1. Maps: Apple’s sense of direction falters
At the start of 2012, I would never have guessed that an iOS app category would emerge as the top story of the year. But it did. Maps is not just any ol’ app category. It may be the single most critical app on an iOS device. Not only is it one of the most frequently used apps — but with its ability to locate nearby places of business and other points-of-interest, it is an important indirect source of revenue for many companies. Whoever controls the default maps app controls a key portion of iOS.
That’s essentially why Apple was increasingly uncomfortable with the fact that Google was the developer behind the Maps app for iOS. And that’s what led Apple to replace it with their own in-house version of Maps, introduced as part of iOS 6.
It was not a smooth introduction.
It turned out that Apple’s Maps app had accuracy issues, too often leading to a “wrong” destination. Complaints from users quickly became front page news. In a rare move, Apple was forced to issue a letter of apology, where it suggested alternative mapping apps while Apple worked to improve its own app. Complicating matters further, Scott Forstall (head of iOS software development) refused to sign the apology statement, which became a precipitating factor in his being fired from Apple.
Mapping again made news when an updated version of Google’s Maps app returned to iOS in December. The new version was better than ever — including Google offering turn-by-turn directions for the first time on an iOS device. Personally, assuming both Apple’s and Google’s apps were equally accurate, I prefer Apple’s Maps overall. For one thing, I find it easier to set up a route with it. However, Google’s app offers the plus of transit directions. In the end, the battle between the two apps a win-win situation for iOS users.
The fall-out from the Maps app controversy extends beyond the world of mapping. A few years from now, I believe it will be seen as a tipping point event that broke a long-standing magic spell surrounding Apple.
Almost immediately after the controversy erupted, Apple’s stock began a 200-point (and still counting) decline. The decline was partly attributed to the Maps business. However, other negative trends also contributed to analysts’ concerns. Most critical was increased competition in the mobile market, especially from Samsung’s Android devices. And for the first time in years, numerous articles appeared that questioned whether or not Apple had peaked.
Some analysts attributed the decline to a sell-off, prior to an expected capital gains increase in 2013. By this measure, you can expect Apple stock to go up again in January. And there is no doubt that Apple continues to rake in money on impressive sales of its devices. Still, at least on Wall Street and among many journalists, there has been a negative shift in the mindset towards Apple. The ultimate fate of Apple’s stock, and Apple’s overall market dominance, remains in flux.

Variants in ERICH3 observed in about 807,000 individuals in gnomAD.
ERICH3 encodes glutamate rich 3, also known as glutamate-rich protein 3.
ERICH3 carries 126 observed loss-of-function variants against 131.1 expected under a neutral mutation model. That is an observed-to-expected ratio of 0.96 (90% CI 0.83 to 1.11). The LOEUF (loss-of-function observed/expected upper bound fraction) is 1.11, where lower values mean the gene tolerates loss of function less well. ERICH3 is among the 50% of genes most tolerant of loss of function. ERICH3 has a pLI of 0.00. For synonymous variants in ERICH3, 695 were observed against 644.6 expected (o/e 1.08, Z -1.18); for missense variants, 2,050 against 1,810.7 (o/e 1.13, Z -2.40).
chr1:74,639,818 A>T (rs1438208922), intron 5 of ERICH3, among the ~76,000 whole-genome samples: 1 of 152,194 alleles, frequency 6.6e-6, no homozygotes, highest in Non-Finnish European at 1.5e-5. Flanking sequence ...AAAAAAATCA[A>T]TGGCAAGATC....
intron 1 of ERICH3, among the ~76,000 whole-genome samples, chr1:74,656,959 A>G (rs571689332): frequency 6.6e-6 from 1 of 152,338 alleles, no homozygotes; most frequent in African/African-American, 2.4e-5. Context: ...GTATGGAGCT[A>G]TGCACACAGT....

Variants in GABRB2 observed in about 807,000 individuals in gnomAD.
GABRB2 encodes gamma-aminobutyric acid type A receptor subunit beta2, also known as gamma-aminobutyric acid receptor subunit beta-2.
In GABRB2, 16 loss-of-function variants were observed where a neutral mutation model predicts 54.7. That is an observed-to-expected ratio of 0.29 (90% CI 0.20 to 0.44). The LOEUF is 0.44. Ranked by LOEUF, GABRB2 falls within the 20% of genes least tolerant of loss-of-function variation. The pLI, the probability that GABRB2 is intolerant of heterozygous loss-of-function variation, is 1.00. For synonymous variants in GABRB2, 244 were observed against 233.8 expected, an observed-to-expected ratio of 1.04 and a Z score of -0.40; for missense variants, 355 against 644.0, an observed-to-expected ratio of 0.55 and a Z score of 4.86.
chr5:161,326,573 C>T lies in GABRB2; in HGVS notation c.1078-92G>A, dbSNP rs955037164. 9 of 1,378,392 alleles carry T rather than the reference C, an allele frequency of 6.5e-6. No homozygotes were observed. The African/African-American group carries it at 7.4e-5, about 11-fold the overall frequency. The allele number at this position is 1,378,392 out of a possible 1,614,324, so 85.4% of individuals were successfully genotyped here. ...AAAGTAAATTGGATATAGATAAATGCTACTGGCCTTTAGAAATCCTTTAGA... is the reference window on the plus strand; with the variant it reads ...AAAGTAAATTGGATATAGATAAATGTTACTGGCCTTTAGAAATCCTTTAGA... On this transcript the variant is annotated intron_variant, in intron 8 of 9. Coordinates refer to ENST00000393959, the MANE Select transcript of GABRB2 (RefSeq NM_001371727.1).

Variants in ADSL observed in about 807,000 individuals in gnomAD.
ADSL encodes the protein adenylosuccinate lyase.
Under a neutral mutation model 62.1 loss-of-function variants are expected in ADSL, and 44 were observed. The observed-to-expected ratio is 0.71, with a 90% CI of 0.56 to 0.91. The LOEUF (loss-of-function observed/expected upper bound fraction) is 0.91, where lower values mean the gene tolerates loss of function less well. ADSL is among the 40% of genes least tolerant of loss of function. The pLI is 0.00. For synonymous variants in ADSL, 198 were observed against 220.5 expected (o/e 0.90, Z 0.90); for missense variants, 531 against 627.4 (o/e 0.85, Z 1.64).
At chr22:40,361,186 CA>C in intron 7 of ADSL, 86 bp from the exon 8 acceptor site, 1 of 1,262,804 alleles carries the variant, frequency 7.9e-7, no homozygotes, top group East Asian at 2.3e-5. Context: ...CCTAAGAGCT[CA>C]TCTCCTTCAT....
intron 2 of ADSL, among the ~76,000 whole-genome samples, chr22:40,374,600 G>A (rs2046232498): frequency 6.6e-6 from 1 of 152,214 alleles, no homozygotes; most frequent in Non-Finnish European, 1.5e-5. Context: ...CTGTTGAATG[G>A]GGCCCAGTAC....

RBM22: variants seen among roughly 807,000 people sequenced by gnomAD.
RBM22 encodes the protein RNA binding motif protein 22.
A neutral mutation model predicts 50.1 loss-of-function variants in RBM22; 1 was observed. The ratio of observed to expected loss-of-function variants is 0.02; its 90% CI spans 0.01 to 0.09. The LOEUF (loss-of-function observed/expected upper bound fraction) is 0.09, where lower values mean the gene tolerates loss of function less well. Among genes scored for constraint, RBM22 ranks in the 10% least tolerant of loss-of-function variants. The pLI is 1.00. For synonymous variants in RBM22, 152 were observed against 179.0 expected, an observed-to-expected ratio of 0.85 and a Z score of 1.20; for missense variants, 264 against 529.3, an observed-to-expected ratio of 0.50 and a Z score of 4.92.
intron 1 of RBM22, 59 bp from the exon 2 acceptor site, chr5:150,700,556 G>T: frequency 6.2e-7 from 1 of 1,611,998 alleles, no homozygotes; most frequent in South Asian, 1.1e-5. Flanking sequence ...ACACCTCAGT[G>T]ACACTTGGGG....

AirPlay: Living in the future. AirPlay has been around for quite some time. Initially, called AirTunes, it was introduced in 2004; the shift to an expanded AirPlay version occurred in 2010. While this would seem to make it ineligible for a 2012 list, I include it here because of its recently expanded capabilities, primarily mirroring. You can now mirror almost anything on a Mac or an iOS device to an Apple TV. With third-party software such as Reflector, you can similarly mirror iOS displays to a Mac.
I continue to be blown away by what AirPlay easily allows you to do. Whenever my wife asks a technology question that ends in “Can we do this?,” my answer is increasingly “Yes.” And, more often than not, the reason for the affirmative reply is AirPlay. As an example, I received some photos as text messages the other day. My wife asked if she could see them on our TV. The answer was yes. On another occasion, she wanted to watch a TV show she had forgotten to record. I found the show on the network’s website, but it could only be viewed from the web. Again, she preferred to see it on our television. No problem with AirPlay.
AirPlay is just one element of a larger trend towards more sophisticated interactions among all of our increasingly powerful technology devices. It’s beginning to feel as if we are living in the future…when the things I saw in science-fiction movies years ago are now reality. And Apple technologies, such as AirPlay, are at the forefront of this trend.
iCloud: Moving on up. This was the year that Apple terminated MobileMe and went all in with iCloud. The new service is far from perfect. I still prefer Dropbox for many tasks. But with iTunes Match, PhotoStream, Documents in the Cloud (especially when used with iWork documents), and numerous other iCloud-dependent capabilities, we are finally seeing the practical benefits of Apple-integrated cloud storage. It’s all part of a evolutionary shift, clearly endorsed by Apple, towards the cloud as the key component for the storage and manipulation of all our data. Expect this shift to accelerate in 2013.